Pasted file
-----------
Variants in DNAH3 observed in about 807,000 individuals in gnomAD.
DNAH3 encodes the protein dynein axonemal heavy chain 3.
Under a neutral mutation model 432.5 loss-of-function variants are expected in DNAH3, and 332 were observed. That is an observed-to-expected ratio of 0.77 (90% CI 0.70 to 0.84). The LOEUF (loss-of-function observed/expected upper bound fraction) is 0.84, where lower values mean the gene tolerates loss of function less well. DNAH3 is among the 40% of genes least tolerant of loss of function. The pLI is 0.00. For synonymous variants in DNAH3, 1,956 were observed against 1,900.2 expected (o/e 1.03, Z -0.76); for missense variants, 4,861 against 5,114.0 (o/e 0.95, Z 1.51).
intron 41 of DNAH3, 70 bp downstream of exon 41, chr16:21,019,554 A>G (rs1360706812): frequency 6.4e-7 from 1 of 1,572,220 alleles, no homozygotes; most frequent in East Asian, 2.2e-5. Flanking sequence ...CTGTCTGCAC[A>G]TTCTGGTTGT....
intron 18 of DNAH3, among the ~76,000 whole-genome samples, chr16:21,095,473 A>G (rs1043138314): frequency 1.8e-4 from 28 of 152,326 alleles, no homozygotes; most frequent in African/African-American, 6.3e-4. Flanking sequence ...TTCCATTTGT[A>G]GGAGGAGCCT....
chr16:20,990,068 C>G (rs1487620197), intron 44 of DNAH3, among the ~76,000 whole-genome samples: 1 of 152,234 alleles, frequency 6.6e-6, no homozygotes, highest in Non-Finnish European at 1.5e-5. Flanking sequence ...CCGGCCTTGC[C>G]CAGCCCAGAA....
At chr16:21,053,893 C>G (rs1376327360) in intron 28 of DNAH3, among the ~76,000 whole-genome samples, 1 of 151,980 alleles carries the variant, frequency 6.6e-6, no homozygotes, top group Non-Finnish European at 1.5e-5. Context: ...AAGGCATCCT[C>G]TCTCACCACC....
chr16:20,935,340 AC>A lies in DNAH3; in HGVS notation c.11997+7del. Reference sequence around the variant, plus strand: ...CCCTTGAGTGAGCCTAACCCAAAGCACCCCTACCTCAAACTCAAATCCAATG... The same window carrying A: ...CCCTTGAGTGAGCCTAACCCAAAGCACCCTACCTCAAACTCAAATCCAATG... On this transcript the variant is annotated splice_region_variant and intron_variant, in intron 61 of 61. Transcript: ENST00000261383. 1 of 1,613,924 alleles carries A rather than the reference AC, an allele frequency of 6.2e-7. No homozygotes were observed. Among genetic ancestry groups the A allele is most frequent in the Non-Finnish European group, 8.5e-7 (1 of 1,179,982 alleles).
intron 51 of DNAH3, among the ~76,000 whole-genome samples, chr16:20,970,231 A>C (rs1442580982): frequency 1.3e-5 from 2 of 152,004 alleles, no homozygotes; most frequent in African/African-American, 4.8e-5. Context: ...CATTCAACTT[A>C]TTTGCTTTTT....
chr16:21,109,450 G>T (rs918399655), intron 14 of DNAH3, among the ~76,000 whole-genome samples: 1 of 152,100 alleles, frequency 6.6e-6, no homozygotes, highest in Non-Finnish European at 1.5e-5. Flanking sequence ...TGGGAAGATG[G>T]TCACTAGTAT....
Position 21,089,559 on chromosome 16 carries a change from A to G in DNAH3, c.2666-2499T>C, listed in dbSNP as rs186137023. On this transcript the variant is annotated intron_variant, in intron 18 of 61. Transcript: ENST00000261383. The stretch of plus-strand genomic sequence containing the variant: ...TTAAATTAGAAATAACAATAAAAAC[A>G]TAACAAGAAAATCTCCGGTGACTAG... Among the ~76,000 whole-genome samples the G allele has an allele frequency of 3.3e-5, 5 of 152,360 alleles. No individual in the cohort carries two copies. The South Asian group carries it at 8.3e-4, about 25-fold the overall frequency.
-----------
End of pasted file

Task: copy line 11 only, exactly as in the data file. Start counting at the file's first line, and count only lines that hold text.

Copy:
Position 21,089,559 on chromosome 16 carries a change from A to G in DNAH3, c.2666-2499T>C, listed in dbSNP as rs186137023. On this transcript the variant is annotated intron_variant, in intron 18 of 61. Transcript: ENST00000261383. The stretch of plus-strand genomic sequence containing the variant: ...TTAAATTAGAAATAACAATAAAAAC[A>G]TAACAAGAAAATCTCCGGTGACTAG... Among the ~76,000 whole-genome samples the G allele has an allele frequency of 3.3e-5, 5 of 152,360 alleles. No individual in the cohort carries two copies. The South Asian group carries it at 8.3e-4, about 25-fold the overall frequency.